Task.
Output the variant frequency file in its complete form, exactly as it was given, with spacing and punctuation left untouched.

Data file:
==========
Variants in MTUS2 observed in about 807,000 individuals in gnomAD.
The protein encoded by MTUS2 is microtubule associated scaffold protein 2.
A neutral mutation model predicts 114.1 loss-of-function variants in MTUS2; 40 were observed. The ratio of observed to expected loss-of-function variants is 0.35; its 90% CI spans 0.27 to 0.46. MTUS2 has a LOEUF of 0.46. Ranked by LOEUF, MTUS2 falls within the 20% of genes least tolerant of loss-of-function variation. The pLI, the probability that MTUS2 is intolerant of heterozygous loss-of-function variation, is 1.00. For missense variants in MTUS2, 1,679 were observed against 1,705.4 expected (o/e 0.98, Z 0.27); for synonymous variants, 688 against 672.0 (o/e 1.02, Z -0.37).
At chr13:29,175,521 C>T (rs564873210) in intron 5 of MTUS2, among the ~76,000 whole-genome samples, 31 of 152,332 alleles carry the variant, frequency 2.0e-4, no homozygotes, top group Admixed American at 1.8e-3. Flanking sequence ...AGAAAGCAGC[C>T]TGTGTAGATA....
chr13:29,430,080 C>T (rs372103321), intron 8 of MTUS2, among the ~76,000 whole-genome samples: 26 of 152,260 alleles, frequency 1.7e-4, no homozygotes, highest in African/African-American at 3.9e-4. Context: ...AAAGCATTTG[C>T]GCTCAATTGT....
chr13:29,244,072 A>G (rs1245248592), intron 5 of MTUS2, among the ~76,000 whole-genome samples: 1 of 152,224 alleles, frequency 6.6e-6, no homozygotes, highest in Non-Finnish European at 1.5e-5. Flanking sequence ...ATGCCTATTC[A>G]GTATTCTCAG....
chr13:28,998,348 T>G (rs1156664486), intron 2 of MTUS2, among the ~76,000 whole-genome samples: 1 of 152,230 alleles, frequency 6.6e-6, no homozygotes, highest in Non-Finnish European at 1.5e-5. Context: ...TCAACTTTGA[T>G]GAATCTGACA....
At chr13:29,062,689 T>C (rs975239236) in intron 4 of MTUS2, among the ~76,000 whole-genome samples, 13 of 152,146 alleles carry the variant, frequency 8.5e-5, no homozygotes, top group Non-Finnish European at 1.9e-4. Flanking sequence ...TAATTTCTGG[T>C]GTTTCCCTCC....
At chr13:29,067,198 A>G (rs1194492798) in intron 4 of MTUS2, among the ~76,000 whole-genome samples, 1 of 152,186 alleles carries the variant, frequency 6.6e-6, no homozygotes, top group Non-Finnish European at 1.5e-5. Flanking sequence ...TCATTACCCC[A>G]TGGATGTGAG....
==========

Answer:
Variants in MTUS2 observed in about 807,000 individuals in gnomAD.
The protein encoded by MTUS2 is microtubule associated scaffold protein 2.
A neutral mutation model predicts 114.1 loss-of-function variants in MTUS2; 40 were observed. The ratio of observed to expected loss-of-function variants is 0.35; its 90% CI spans 0.27 to 0.46. MTUS2 has a LOEUF of 0.46. Ranked by LOEUF, MTUS2 falls within the 20% of genes least tolerant of loss-of-function variation. The pLI, the probability that MTUS2 is intolerant of heterozygous loss-of-function variation, is 1.00. For missense variants in MTUS2, 1,679 were observed against 1,705.4 expected (o/e 0.98, Z 0.27); for synonymous variants, 688 against 672.0 (o/e 1.02, Z -0.37).
At chr13:29,175,521 C>T (rs564873210) in intron 5 of MTUS2, among the ~76,000 whole-genome samples, 31 of 152,332 alleles carry the variant, frequency 2.0e-4, no homozygotes, top group Admixed American at 1.8e-3. Flanking sequence ...AGAAAGCAGC[C>T]TGTGTAGATA....
chr13:29,430,080 C>T (rs372103321), intron 8 of MTUS2, among the ~76,000 whole-genome samples: 26 of 152,260 alleles, frequency 1.7e-4, no homozygotes, highest in African/African-American at 3.9e-4. Context: ...AAAGCATTTG[C>T]GCTCAATTGT....
chr13:29,244,072 A>G (rs1245248592), intron 5 of MTUS2, among the ~76,000 whole-genome samples: 1 of 152,224 alleles, frequency 6.6e-6, no homozygotes, highest in Non-Finnish European at 1.5e-5. Flanking sequence ...ATGCCTATTC[A>G]GTATTCTCAG....
chr13:28,998,348 T>G (rs1156664486), intron 2 of MTUS2, among the ~76,000 whole-genome samples: 1 of 152,230 alleles, frequency 6.6e-6, no homozygotes, highest in Non-Finnish European at 1.5e-5. Context: ...TCAACTTTGA[T>G]GAATCTGACA....
At chr13:29,062,689 T>C (rs975239236) in intron 4 of MTUS2, among the ~76,000 whole-genome samples, 13 of 152,146 alleles carry the variant, frequency 8.5e-5, no homozygotes, top group Non-Finnish European at 1.9e-4. Flanking sequence ...TAATTTCTGG[T>C]GTTTCCCTCC....
At chr13:29,067,198 A>G (rs1194492798) in intron 4 of MTUS2, among the ~76,000 whole-genome samples, 1 of 152,186 alleles carries the variant, frequency 6.6e-6, no homozygotes, top group Non-Finnish European at 1.5e-5. Flanking sequence ...TCATTACCCC[A>G]TGGATGTGAG....